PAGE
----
Letters to the paper are not fact-checked and do not necessarily represent the views of The Bridge.
Thanks to Volunteers
I am writing to thank the dedicated volunteers who have helped with recent downtown beautification projects. These projects, led by the Montpelier Alive Design Committee, help contribute toward a more attractive and vibrant downtown, and we could not have completed them without volunteer support.
The North Branch River Art project, led by Design Committee Chair Didi Brush, was inspired by an art installation in Quebec City in 2008. This project brings majesty and allure to Montpelier’s rivers, which are an oft-forgotten downtown asset.
More than 170 plants were planted in City Hall Plaza, softening and beautifying this underutilized space. Now, downtown workers and visitors can enjoy a meal or a moment of contemplation surrounded by beauty but still in touch with the pulse of the town. The flowers were planted on Green Up Day by the Design Committee with the assistance of volunteers from National Life Group.
And finally, dozens of flower barrels and hanging flower baskets will be planted and placed across downtown in the coming weeks.
These projects were funded in part by Downtown Improvement District funds, with administrative support from Montpelier Alive.
We invite readers to be involved as volunteers or supporters by contacting firstname.lastname@example.org.
Dan Groberg, Montpelier
Thanks to Hecht, Pyralisk
As I was about to throw away my copy of The Bridge [May 3], I noted an article by Nicholas Hecht that had not jumped out at me earlier—“Finding Space for Art: Pyralisk Rises from the Rubble.” Yes, someone is finally going to do something about the lovely Middlesex train station! So many times in the past few years as I drove by it on my trips to and from my family home at Round Barn Farm in North Waitsfield, I would comment to myself about the dilapidated state of this once thriving building and wonder if someone was ever going to do something about it. Thank goodness, it will be preserved and not bulldozed!
It reminded me of my childhood in the 1940s, when the Middlesex station was an active hub on the Montreal-to-Boston and New York Canadian rail system. My dad shipped out his very high-quality gallons of “grade Fancy” maple syrup in large wooden containers nailed together at our farm, and I often accompanied him on those trips on what was then Route 100 to Middlesex. Now the road is Route 100B, exchanging route numbers with what was then a dirt road over Duxbury Hill to Waterbury.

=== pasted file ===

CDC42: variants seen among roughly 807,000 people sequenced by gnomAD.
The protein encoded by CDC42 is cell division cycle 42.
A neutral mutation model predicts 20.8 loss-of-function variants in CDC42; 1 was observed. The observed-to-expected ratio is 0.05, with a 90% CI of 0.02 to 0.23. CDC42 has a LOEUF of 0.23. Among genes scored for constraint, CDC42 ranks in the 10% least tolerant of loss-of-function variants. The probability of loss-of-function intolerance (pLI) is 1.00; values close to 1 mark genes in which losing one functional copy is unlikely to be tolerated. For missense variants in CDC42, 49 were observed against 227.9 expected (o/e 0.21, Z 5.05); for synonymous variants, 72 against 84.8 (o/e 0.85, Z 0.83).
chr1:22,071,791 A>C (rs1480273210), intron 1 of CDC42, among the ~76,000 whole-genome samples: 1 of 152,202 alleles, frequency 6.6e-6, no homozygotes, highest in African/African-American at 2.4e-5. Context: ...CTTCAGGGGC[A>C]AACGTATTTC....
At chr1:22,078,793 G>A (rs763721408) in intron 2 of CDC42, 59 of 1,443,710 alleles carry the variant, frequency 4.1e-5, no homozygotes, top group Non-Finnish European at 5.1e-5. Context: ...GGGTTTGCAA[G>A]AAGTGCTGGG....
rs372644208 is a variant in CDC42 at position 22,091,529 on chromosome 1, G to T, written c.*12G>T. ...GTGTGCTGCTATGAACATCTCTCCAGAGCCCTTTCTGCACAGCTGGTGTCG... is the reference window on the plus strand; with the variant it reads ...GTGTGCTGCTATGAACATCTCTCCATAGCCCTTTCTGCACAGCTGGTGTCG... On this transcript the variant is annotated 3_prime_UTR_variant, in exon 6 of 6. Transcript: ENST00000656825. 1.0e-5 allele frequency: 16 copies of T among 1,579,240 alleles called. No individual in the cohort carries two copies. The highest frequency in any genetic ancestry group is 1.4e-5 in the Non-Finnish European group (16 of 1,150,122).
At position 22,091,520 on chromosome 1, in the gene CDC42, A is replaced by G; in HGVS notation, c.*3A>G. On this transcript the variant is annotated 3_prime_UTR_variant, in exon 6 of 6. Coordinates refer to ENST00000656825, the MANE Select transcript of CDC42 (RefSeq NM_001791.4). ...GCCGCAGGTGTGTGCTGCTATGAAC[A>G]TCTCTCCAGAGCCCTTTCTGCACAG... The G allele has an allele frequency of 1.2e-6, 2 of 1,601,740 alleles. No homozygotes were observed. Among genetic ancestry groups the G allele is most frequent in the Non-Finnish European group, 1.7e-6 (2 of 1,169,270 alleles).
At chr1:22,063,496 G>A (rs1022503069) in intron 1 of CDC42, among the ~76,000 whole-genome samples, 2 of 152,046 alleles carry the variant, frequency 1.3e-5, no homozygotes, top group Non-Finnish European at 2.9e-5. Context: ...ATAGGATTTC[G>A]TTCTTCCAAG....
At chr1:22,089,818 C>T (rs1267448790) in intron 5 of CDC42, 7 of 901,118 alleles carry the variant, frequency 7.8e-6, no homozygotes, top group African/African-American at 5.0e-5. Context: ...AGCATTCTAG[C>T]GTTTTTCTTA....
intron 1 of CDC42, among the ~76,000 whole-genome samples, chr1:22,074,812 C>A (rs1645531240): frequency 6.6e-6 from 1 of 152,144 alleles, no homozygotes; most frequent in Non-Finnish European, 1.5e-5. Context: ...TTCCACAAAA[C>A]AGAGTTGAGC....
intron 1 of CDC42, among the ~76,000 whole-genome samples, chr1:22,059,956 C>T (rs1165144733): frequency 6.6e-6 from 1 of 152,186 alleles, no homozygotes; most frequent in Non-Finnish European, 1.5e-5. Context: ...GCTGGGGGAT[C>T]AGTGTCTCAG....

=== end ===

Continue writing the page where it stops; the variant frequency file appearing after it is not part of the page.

Every summer my older and street-wise cousins from Montreal, Helen and Nancy, came down on the train with their huge trunks to stay during their school vacation with their mother, Aunt Helen Bisbee Marsh, in their little summer house next to our farm. Formerly a home for hired farm help, it had no electricity, running water, or other modern conveniences, but it was fine for them to spend the summer in the country and be near all the family relatives. Their dad, Uncle “Deke” Robert Marsh came down only a few times to visit. He worked as an executive for Aluminium Limited in Montreal.
It was always a joyous occasion for me as their country cousin, to see and hear what was going on in the rest of the outside world through their more metropolitan view of things. They often quoted to me the story of the city mouse and the country mouse, denounced the American flag while singing “God Save the King/Queen,” and kept me apprised of the Führer’s latest escapades in Germany!
(My cousin Helen, who still lives in that totally renovated little house, reminded me recently that they also took what was known as “the stage” back and forth from Middlesex on occasion. This was a van used by the postal service to deliver mail to the town post offices on Route 100 from Montpelier and also served as a local mail carrier for rural postal customers along the route to Warren. It probably replaced what once was a real stage coach that filled the same duty years before. When this happened we would just have to pick them up on Route 100 at the intersection of Meadow Road.)